Behold, as the eyes of servants look unto the hand of their masters, and as the eyes of a maiden unto the hand of her mistress; so our eyes wait upon the Lord our God, until that he have mercy upon us. Have mercy upon us, O Lord, have mercy upon us: for we are exceedingly filled with contempt. Our soul is exceedingly filled with the scorning of those that are at ease, and with the contempt of the proud. —Psalm 123:2-4, KJV
Have you ever asked God for mercy? Have you ever come to that point where you have realized that God doesn’t owe you a favor? He doesn’t owe you an explanation; rather, what you need is mercy.
One definition of mercy is “refraining from inflicting punishment or pain on an offender or enemy who is in one’s power.” Here is a person who has the right to punish and also the power to do so. He has the right to punish, because the offender deserves justice and deserves to be punished. Mercy occurs when the person who could punish shows leniency instead. In short, God’s mercy is not getting what we, as sinners, deserve.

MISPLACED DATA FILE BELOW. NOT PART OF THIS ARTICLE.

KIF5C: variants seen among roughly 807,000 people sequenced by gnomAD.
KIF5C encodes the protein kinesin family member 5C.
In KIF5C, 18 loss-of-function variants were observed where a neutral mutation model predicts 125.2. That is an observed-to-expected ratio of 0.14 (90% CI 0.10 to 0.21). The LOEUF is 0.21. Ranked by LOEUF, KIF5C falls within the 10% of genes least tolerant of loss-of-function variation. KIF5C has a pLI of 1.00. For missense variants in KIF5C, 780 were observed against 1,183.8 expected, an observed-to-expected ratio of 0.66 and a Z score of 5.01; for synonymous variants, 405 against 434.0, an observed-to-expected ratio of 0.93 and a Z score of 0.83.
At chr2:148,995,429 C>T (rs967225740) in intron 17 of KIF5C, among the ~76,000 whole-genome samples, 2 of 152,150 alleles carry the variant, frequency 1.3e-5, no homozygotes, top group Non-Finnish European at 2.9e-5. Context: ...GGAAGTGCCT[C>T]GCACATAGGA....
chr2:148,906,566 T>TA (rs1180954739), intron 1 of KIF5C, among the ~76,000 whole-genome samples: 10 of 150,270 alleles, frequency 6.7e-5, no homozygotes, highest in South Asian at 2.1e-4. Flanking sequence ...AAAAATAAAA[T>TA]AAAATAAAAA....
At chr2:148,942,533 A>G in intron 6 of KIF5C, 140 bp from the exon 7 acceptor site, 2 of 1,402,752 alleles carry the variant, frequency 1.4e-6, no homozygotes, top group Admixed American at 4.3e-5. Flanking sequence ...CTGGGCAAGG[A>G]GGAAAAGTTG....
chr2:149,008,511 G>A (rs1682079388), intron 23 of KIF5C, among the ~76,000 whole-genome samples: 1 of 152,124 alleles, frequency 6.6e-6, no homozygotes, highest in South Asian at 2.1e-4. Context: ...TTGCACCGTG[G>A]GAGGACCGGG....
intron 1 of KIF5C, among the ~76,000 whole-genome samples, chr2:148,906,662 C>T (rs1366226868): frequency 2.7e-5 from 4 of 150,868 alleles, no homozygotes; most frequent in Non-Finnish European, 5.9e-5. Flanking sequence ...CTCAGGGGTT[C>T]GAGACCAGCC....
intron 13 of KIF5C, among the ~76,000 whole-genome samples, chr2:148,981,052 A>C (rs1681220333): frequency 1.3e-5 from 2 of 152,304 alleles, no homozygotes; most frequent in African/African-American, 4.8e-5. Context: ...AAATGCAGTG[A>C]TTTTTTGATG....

The writer of this psalm (we don’t know who he was) understood that God can give or withhold mercy. It was written by one who understood God and who also understood himself. He had come to terms with what he was like. He realized he had no right to snap his fingers and say, “God, You have to do this!” He knew that God doesn’t have to do anything. Therefore he said, “We will just look to God. We will wait for Him. As the eyes of slaves look to the hands of their master, as the eyes of a maid look to the hands of the mistress, so our eyes look to the Lord.”
Have you ever talked to God like that? If you haven’t, you are not a Christian. A Christian is a person who has come to realize that he has no bargaining power. He sees himself as having sinned against God, offended His holiness, broken His law, and shown contempt for His Word. When a person realizes that he is a sinner, all he can do is ask for mercy.
Excerpted from Higher Ground (Christian Focus Publications Ltd., 1995).